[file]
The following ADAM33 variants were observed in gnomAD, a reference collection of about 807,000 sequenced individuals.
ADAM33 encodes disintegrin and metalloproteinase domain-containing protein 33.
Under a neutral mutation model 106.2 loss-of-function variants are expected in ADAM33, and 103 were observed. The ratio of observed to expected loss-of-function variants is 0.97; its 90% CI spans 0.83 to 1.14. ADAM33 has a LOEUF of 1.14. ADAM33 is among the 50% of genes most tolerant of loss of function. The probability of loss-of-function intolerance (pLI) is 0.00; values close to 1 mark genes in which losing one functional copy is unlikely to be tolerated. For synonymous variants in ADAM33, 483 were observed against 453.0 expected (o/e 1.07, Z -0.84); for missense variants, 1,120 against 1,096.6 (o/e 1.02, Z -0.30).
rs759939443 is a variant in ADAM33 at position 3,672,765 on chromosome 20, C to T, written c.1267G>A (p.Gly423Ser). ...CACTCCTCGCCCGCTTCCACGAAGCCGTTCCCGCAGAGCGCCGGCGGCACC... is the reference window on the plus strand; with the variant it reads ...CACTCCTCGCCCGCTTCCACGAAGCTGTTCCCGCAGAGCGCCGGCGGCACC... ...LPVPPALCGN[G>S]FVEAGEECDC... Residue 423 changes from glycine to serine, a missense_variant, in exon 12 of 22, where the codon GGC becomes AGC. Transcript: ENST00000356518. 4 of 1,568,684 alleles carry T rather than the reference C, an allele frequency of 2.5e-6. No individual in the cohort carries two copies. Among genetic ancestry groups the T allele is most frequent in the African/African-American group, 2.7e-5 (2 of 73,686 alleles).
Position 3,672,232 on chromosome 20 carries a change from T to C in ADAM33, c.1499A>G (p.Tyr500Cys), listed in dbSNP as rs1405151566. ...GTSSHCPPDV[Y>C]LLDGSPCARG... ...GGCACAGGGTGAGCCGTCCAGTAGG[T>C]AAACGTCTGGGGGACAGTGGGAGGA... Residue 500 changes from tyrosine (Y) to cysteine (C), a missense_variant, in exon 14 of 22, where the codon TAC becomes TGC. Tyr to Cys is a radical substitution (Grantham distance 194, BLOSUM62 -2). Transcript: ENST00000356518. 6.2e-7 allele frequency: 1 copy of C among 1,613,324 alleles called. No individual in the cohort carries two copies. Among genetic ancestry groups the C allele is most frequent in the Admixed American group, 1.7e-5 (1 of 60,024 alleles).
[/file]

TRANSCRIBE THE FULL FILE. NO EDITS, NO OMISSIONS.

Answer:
The following ADAM33 variants were observed in gnomAD, a reference collection of about 807,000 sequenced individuals.
ADAM33 encodes disintegrin and metalloproteinase domain-containing protein 33.
Under a neutral mutation model 106.2 loss-of-function variants are expected in ADAM33, and 103 were observed. The ratio of observed to expected loss-of-function variants is 0.97; its 90% CI spans 0.83 to 1.14. ADAM33 has a LOEUF of 1.14. ADAM33 is among the 50% of genes most tolerant of loss of function. The probability of loss-of-function intolerance (pLI) is 0.00; values close to 1 mark genes in which losing one functional copy is unlikely to be tolerated. For synonymous variants in ADAM33, 483 were observed against 453.0 expected (o/e 1.07, Z -0.84); for missense variants, 1,120 against 1,096.6 (o/e 1.02, Z -0.30).
rs759939443 is a variant in ADAM33 at position 3,672,765 on chromosome 20, C to T, written c.1267G>A (p.Gly423Ser). ...CACTCCTCGCCCGCTTCCACGAAGCCGTTCCCGCAGAGCGCCGGCGGCACC... is the reference window on the plus strand; with the variant it reads ...CACTCCTCGCCCGCTTCCACGAAGCTGTTCCCGCAGAGCGCCGGCGGCACC... ...LPVPPALCGN[G>S]FVEAGEECDC... Residue 423 changes from glycine to serine, a missense_variant, in exon 12 of 22, where the codon GGC becomes AGC. Transcript: ENST00000356518. 4 of 1,568,684 alleles carry T rather than the reference C, an allele frequency of 2.5e-6. No individual in the cohort carries two copies. Among genetic ancestry groups the T allele is most frequent in the African/African-American group, 2.7e-5 (2 of 73,686 alleles).
Position 3,672,232 on chromosome 20 carries a change from T to C in ADAM33, c.1499A>G (p.Tyr500Cys), listed in dbSNP as rs1405151566. ...GTSSHCPPDV[Y>C]LLDGSPCARG... ...GGCACAGGGTGAGCCGTCCAGTAGG[T>C]AAACGTCTGGGGGACAGTGGGAGGA... Residue 500 changes from tyrosine (Y) to cysteine (C), a missense_variant, in exon 14 of 22, where the codon TAC becomes TGC. Tyr to Cys is a radical substitution (Grantham distance 194, BLOSUM62 -2). Transcript: ENST00000356518. 6.2e-7 allele frequency: 1 copy of C among 1,613,324 alleles called. No individual in the cohort carries two copies. Among genetic ancestry groups the C allele is most frequent in the Admixed American group, 1.7e-5 (1 of 60,024 alleles).